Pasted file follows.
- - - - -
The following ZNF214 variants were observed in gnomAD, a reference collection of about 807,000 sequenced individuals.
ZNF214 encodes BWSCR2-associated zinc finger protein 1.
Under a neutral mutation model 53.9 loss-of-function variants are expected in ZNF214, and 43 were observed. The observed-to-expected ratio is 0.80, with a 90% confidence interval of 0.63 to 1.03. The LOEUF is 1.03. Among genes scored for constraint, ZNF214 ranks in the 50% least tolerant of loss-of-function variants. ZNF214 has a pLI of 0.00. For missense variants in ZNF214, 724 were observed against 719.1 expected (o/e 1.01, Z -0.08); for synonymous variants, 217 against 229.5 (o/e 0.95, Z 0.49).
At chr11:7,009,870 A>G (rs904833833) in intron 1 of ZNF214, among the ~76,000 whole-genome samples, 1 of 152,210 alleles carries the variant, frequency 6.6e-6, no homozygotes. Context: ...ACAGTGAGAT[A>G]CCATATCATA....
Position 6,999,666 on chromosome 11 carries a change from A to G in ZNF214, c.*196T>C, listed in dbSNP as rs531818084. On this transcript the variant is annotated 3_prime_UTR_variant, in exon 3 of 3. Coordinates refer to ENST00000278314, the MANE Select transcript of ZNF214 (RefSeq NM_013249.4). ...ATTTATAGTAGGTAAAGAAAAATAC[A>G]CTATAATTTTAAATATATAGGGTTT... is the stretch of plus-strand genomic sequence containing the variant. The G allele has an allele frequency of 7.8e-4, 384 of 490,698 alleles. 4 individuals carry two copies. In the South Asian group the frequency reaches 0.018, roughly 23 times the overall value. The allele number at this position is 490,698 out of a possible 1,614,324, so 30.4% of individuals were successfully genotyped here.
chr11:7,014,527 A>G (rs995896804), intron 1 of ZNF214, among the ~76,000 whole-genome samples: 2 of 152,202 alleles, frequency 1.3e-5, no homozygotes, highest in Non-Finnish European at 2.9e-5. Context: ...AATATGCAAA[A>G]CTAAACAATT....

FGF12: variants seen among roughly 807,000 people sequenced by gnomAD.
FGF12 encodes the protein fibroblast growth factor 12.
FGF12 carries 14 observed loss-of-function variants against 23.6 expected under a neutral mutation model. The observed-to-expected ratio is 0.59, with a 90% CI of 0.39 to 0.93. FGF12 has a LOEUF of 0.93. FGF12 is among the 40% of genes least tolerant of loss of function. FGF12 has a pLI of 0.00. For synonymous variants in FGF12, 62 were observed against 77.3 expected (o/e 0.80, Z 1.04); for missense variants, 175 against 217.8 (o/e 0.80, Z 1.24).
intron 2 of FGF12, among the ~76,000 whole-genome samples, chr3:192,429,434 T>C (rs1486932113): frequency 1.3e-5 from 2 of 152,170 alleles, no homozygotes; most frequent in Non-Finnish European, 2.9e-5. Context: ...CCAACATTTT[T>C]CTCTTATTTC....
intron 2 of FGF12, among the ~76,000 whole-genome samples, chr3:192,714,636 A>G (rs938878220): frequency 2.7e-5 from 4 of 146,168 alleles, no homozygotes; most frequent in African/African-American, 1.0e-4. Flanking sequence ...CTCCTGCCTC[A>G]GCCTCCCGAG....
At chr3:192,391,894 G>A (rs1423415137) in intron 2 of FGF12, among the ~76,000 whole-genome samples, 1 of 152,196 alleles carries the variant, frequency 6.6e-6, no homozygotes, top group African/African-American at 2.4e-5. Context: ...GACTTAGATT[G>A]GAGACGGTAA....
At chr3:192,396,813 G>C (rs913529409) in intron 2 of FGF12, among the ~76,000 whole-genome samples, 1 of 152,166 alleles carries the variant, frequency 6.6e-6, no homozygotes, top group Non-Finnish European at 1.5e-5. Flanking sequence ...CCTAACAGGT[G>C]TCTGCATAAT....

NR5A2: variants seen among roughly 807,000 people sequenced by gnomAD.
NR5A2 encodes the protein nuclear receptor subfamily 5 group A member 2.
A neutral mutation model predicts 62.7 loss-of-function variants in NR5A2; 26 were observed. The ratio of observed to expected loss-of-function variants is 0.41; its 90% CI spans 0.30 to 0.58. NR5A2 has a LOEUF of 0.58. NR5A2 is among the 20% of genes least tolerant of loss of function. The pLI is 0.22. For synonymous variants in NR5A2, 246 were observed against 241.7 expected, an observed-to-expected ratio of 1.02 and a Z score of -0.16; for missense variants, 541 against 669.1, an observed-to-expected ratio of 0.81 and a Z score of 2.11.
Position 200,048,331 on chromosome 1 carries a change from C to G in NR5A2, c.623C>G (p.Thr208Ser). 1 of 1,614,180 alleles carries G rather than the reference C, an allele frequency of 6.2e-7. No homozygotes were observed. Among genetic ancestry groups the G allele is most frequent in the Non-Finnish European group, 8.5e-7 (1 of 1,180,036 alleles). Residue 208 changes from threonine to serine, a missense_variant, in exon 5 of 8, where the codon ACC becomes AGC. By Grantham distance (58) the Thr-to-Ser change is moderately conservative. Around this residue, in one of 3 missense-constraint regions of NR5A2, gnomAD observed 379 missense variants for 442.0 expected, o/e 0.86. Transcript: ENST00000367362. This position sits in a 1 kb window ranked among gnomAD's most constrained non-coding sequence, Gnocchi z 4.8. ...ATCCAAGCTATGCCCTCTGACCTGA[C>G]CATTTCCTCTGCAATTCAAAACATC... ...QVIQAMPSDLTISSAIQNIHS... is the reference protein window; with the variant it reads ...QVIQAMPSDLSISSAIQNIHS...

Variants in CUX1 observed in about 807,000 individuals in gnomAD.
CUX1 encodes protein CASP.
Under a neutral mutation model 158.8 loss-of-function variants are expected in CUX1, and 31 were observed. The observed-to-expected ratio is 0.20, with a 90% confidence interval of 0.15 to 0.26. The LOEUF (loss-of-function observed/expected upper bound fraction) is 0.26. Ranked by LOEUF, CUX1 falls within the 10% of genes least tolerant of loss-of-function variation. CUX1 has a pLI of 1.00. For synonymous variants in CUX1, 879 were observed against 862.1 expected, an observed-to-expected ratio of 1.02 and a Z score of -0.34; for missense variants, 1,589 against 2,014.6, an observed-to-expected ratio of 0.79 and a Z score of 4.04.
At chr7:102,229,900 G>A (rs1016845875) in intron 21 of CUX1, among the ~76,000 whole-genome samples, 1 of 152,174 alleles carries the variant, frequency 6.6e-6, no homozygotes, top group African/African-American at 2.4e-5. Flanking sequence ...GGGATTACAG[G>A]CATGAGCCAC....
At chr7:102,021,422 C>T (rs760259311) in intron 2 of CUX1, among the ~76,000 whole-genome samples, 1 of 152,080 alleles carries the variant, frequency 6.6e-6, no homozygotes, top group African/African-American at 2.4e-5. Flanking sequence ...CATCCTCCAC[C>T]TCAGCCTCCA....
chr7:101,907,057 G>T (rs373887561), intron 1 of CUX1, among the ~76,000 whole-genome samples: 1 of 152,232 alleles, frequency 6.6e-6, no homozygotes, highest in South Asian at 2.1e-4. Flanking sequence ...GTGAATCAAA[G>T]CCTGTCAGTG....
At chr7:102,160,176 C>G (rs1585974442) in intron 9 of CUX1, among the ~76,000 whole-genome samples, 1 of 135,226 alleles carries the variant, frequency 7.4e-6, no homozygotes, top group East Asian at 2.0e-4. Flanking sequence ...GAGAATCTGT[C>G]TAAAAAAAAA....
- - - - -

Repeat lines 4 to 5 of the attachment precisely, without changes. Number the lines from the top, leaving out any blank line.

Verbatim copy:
At chr11:7,009,870 A>G (rs904833833) in intron 1 of ZNF214, among the ~76,000 whole-genome samples, 1 of 152,210 alleles carries the variant, frequency 6.6e-6, no homozygotes. Context: ...ACAGTGAGAT[A>G]CCATATCATA....
Position 6,999,666 on chromosome 11 carries a change from A to G in ZNF214, c.*196T>C, listed in dbSNP as rs531818084. On this transcript the variant is annotated 3_prime_UTR_variant, in exon 3 of 3. Coordinates refer to ENST00000278314, the MANE Select transcript of ZNF214 (RefSeq NM_013249.4). ...ATTTATAGTAGGTAAAGAAAAATAC[A>G]CTATAATTTTAAATATATAGGGTTT... is the stretch of plus-strand genomic sequence containing the variant. The G allele has an allele frequency of 7.8e-4, 384 of 490,698 alleles. 4 individuals carry two copies. In the South Asian group the frequency reaches 0.018, roughly 23 times the overall value. The allele number at this position is 490,698 out of a possible 1,614,324, so 30.4% of individuals were successfully genotyped here.